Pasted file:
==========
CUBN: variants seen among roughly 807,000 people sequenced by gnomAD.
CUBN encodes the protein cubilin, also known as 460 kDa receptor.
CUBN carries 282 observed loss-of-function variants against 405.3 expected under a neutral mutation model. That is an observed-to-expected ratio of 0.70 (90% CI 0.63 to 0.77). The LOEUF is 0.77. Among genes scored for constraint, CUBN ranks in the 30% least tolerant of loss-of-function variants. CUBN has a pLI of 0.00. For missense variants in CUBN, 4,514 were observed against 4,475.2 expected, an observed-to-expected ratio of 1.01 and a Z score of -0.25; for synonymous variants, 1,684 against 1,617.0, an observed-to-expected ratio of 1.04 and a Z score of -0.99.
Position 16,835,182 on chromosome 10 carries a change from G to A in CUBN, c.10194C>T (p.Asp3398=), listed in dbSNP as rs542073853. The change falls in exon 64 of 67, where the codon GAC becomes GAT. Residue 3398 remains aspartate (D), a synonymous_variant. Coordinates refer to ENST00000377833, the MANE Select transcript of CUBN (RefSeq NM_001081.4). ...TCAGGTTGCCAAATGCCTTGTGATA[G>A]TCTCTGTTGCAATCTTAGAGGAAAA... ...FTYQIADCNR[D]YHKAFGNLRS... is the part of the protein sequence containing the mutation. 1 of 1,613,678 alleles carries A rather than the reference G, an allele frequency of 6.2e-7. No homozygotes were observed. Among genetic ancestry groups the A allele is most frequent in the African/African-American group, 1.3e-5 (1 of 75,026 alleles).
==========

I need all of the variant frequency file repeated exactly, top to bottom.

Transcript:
CUBN: variants seen among roughly 807,000 people sequenced by gnomAD.
CUBN encodes the protein cubilin, also known as 460 kDa receptor.
CUBN carries 282 observed loss-of-function variants against 405.3 expected under a neutral mutation model. That is an observed-to-expected ratio of 0.70 (90% CI 0.63 to 0.77). The LOEUF is 0.77. Among genes scored for constraint, CUBN ranks in the 30% least tolerant of loss-of-function variants. CUBN has a pLI of 0.00. For missense variants in CUBN, 4,514 were observed against 4,475.2 expected, an observed-to-expected ratio of 1.01 and a Z score of -0.25; for synonymous variants, 1,684 against 1,617.0, an observed-to-expected ratio of 1.04 and a Z score of -0.99.
Position 16,835,182 on chromosome 10 carries a change from G to A in CUBN, c.10194C>T (p.Asp3398=), listed in dbSNP as rs542073853. The change falls in exon 64 of 67, where the codon GAC becomes GAT. Residue 3398 remains aspartate (D), a synonymous_variant. Coordinates refer to ENST00000377833, the MANE Select transcript of CUBN (RefSeq NM_001081.4). ...TCAGGTTGCCAAATGCCTTGTGATA[G>A]TCTCTGTTGCAATCTTAGAGGAAAA... ...FTYQIADCNR[D]YHKAFGNLRS... is the part of the protein sequence containing the mutation. 1 of 1,613,678 alleles carries A rather than the reference G, an allele frequency of 6.2e-7. No homozygotes were observed. Among genetic ancestry groups the A allele is most frequent in the African/African-American group, 1.3e-5 (1 of 75,026 alleles).